Baseball free agency is dumb. It’s (sadly) not the drunken mad dash that occurs in the NFL and you don’t see a half-dozen teams blow-up their roster years in advance to get a shot at a superstar like you do in the NBA — no, as is common with all things baseball, the free agency chase is a crawl that has never been more teeth-gnashingly frustrating than it has been this off-season.
Blame the qualifying offer, that ties the forfeiture of an unprotected first round pick to free agent superstars (and Ian Kennedy), occasionally pushing players to wait until early in the season to sign, much to the detriment of everyone involved. Blame the months-long game of chicken that players play with teams while holding out for just a little more juice. All the while watching lesser players get overpaid early in the process.
You can’t say that game of chicken didn’t benefit Chris Davis and his agent, Scott Boras, this time around. Reports are that Davis is going to sign a deal that will pay him $161 million dollars for 7 years. That’s $7 million more than the Orioles reported offer that surfaced during the Winter Meetings in early December.
Granted, we don’t know the difference in terms of deferred money, incentives, or year-to-year pay out between the two proposals, but from a whole dollar perspective, Davis inadvertently held up deals for fellow flawed bats like Justin Upton and Yoenis Cespedes (and the tier below them with Dexter Fowler, Howie Kendrick, and others) for $1 million a year. Or the Orioles did (while losing out on a chance to upgrade their starting rotation as the secondary pitching market got raided while they were sitting on their hands), if you want to look at it that way, though there’s no telling how far down Davis’ camp had to come and whether they ever really thought that other teams might match that price.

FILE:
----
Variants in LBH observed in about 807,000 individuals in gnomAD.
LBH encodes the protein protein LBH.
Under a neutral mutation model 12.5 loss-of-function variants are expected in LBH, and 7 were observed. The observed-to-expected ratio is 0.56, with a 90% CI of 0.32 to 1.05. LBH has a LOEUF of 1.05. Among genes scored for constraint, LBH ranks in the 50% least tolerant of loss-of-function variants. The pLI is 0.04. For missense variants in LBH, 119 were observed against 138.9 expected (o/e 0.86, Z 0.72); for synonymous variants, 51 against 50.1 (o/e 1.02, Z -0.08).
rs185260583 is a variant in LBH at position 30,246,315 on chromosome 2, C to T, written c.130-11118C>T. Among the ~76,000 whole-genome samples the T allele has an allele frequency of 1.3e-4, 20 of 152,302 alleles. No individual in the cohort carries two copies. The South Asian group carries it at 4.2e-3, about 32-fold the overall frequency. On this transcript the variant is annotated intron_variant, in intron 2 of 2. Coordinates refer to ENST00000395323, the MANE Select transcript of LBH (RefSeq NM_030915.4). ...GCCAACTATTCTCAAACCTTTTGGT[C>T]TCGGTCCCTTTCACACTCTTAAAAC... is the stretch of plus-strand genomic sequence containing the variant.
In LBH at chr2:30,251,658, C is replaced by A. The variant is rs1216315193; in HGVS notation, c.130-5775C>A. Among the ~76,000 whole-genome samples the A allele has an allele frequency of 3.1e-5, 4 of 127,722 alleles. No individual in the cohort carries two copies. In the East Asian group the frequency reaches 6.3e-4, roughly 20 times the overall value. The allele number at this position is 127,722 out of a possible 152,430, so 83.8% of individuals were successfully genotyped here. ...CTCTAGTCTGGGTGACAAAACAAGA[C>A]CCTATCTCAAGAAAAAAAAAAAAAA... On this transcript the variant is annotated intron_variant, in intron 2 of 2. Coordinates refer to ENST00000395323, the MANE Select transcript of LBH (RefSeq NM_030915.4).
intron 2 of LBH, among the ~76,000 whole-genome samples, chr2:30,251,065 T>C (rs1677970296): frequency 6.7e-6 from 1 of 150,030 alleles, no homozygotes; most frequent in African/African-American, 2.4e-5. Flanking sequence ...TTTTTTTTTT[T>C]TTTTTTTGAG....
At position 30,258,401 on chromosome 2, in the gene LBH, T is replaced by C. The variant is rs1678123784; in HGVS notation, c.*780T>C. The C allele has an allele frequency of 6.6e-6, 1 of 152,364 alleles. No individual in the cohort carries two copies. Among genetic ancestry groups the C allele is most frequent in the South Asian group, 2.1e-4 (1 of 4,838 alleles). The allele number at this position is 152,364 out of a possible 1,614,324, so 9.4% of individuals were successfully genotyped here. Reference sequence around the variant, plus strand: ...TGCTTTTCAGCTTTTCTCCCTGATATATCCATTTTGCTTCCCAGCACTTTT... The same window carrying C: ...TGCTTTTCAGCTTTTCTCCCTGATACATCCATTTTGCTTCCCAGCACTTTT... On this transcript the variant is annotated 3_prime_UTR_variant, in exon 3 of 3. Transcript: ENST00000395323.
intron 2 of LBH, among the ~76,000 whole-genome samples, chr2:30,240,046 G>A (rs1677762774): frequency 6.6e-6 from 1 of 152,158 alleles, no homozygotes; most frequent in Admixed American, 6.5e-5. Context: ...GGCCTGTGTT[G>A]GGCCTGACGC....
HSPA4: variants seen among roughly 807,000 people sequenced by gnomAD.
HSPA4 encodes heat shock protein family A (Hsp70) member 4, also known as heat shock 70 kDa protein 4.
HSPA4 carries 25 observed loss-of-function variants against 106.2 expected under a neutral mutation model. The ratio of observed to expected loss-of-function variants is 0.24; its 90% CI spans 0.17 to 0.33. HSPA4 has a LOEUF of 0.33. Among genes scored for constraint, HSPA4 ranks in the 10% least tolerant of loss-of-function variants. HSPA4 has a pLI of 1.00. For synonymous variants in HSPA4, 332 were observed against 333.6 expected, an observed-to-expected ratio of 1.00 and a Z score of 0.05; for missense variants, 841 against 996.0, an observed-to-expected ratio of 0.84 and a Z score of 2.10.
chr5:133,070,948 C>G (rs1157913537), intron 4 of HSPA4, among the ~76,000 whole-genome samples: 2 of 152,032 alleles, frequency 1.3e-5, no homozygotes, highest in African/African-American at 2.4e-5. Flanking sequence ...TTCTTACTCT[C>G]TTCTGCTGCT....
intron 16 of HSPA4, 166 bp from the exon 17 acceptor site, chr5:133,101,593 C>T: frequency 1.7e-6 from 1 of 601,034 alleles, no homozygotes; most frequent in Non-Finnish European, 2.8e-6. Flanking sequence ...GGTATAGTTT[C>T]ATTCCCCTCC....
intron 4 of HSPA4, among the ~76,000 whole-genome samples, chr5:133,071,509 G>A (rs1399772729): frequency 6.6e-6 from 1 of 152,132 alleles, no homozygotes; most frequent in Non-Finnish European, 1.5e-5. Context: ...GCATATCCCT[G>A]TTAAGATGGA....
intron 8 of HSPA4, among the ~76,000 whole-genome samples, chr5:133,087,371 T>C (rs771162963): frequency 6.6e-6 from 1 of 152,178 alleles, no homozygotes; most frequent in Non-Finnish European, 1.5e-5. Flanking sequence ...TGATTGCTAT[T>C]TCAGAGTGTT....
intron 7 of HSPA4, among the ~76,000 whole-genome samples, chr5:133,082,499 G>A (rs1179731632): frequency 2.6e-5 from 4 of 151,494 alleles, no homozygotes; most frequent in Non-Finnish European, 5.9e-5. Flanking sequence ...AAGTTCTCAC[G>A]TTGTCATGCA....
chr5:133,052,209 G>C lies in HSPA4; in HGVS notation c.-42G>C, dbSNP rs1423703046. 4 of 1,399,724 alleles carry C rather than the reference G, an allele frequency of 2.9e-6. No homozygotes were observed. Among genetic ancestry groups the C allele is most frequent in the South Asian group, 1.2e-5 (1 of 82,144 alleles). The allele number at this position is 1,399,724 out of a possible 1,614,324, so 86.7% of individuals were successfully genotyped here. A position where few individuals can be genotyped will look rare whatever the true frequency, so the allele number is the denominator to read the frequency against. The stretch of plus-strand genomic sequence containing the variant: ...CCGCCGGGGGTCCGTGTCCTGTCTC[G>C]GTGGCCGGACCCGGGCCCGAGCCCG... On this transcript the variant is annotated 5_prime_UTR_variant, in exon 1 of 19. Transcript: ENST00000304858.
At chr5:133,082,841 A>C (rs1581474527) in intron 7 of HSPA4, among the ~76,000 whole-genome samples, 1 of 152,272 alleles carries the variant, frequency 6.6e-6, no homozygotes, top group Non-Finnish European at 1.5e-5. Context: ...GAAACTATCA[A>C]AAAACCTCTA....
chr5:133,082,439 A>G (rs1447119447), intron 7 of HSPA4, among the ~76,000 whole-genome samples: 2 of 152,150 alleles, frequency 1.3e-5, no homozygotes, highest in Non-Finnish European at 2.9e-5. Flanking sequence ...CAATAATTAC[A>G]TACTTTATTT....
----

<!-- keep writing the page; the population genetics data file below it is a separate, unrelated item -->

The bottom line is, after a flurry of early overpays, teams like the Angels, Rangers, and Cardinals weren’t going to swoop in and save the day for players who, maybe, held out hope for what they (mistakenly) perceived as a fair market deal longer than they should have. Poor Justin Upton? Poor Yoenis Cespedes? Poor Dexter Fowler? Maybe.
Cespedes was reportedly looking for a deal in the range of what Davis wound up with. But is there a deal out there for him that is going to be bigger than the Orioles’ reported 5 year $90 million offer (that one assumes is off the table now)? Would the Nationals have been interested and gone that route over signing Daniel Murphy? Would the Royals have gone with Cespedes over the sentimental signing of Alex Gordon at that rate? Would the Giants have jumped at that ask over signing the injury-prone Denard Spann for 3 years and $32 million? Would they have jumped on Dexter Fowler had his reps been more willing to force a deal rather than wait for Upton and the others to find a home and set a price? There are so many questions and so many players are going to wind up with less than they thought they were going to get because of the way baseball’s free agent game of musical chairs plays out.
Basically, Chris Davis (who, if not for the Orioles’ stubborn refusal to move on, might have had to settle for significantly less on a market that didn’t present a clear match) wound up with all the chairs and these guys got screwed by a market that twists itself in knots over relatively few dollars while taking forever to get settled. There’s gotta be a more equitable approach that doesn’t randomly doink several players each off-season. To sum it up: players over-value themselves for far too long, teams are too skittish, and baseball free agency is dumb.